I gave up my Land Line

Discussion in 'Et Cetera, Et Cetera' started by Industrialsize, Jun 24, 2010.

?

Do you still have a land line?

  1. Yes

    21 vote(s)
    52.5%
  2. No

    19 vote(s)
    47.5%
  1. Industrialsize

    Staff Member Moderator Gold Member

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    My husband and I both have cell phones. We realized our "land line" was not needed anymore. So we've given it up and gone totally wireless. Don't miss having a land line at all. I'd be curious to know how many people have done the same and given up their land line.
     
  2. nudeyorker

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    I like having a land line. During 9/11 I lost service for most of the day. And during the blackout a few years ago my cell was useless once it lost it's charge. I just like my land line because I'm old fashioned I guess.
     
  3. Northland

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    That'll work real good for you when the cellphone towers go down. In case of emergency, a land line is often the only thing which doesn't get wiped out.

    Power failure? Many telephones still work because of a different electrical source and they don't need to be recharged the way a cellphone does.


    I have both land and cell and plan to stay with this most excellent plan.

    Having only a land or only a cell is like having sex with a walrus.
     
  4. B_Lightkeeper

    B_Lightkeeper New Member

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    If I had cell service at my house (I have to go down the road a couple of miles to get a decent signal) I'd certainly give ujp my land line. My PC is satellite internet connected.

    Just look at the added charges for landline service. Ridiculous.
     
  5. HazelGod

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    I have a VOIP line that my company pays for, but I haven't had a landline in my home for 5+ years now.
     
  6. Calboner

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    I have no intention of giving up my land line. Even if you have no problems with cellular phone reception where you live, the device itself is a very fragile thing. You can break it, lose it, neglect to recharge it, or it may simply cease to function, and then you have no backup. I think it's very imprudent to let one's telephone connection depend on a single device that is so easily lost or incapacitated.
     
  7. SilverTrain

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    Nixed the landline 3 years ago.

    In the event of the apocalypse, assuming the cell towers are downed, I indeed won't be able to contact my friends/relatives to commiserate re the impending annihilation.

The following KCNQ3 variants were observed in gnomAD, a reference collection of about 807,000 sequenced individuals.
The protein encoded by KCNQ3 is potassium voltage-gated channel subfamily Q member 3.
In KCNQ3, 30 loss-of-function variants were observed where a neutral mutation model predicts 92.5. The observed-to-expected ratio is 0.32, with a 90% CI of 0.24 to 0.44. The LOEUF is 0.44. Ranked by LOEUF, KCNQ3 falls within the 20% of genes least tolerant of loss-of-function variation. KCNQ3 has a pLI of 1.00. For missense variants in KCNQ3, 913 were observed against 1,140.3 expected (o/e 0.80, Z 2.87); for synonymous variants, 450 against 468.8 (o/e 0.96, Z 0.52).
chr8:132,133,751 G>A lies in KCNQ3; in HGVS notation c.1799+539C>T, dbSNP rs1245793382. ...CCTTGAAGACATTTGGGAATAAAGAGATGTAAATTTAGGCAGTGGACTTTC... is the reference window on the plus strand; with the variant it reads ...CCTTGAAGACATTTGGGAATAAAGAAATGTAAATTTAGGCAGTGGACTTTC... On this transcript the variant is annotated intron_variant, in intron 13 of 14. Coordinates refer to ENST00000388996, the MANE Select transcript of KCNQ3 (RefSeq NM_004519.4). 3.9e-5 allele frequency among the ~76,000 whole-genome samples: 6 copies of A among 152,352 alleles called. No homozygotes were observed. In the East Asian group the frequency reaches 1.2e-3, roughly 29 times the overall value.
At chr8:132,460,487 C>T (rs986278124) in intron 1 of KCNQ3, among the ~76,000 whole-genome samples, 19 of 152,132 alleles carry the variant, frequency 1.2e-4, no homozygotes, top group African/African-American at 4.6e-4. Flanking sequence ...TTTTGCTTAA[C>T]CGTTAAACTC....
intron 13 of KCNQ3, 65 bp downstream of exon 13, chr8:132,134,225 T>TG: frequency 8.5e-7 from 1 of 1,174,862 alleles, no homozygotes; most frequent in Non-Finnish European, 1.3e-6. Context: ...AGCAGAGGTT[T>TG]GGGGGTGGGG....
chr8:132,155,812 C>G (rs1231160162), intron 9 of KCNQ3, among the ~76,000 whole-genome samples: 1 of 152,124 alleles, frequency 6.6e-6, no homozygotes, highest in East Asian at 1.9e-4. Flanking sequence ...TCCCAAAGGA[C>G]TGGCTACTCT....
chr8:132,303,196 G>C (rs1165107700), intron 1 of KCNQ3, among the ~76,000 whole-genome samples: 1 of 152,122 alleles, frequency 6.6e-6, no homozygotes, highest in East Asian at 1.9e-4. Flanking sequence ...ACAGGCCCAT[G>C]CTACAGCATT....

I also don't have extra food stores, nor a generator or extra flashlights, etc. I guess I'll have to hope I get bit by a vampire and gain immortality.
     
  8. Stretch

    Stretch New Member

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    Because of my job situation and how often I travel somewhere new I haven't had a land line in 15 years
     
  9. B_talltpaguy

    B_talltpaguy New Member

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    That's why I keep one of my old phones as a backup... All I have to do is swap my sim card into the old phone and it works upon rebooting.

    If someone is on a CDMA network, sorry for your luck though.
     
  10. gymfresh

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    Can't really give up my landline for 2 reasons: it's the basis of my DSL connection, and I live in a highly active hurricane zone.

    By law, landlines can only have a maximum acceptable outage of 1% or less, so they are extraordinarily reliable. There is no such law for cellular service.

    In 2005 after Katrina and Wilma, some of my neighbors lost cellular for 4 or 5 days and cable for up to 2 weeks. That meant no TV, no cable internet and no mobile calls. In contrast, those who had DSL and landline phone were back up again within hours.
     
  11. lurker37160

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    Nope. I'm keeping my landline. How many things in life are more dependable than a dialtone? Seriously.
     
  12. rbkwp

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    from New Zealand and landlnes (for me) are essential
    Need my landline for Dial Up still. (cant afford Sattellite on the Island i live on)
    Landlines suit me for clarity, i dislike the whole idea of having a mobile just for the convenience of..if you never had one you would possibly not make 1/2 the calls you THINK you need to make
    admittedly Mobiles could be essential if you have a Family or Partner.
    enz

    --Loving the ole fashion LANDLINE ha
     
  13. B_talltpaguy

    B_talltpaguy New Member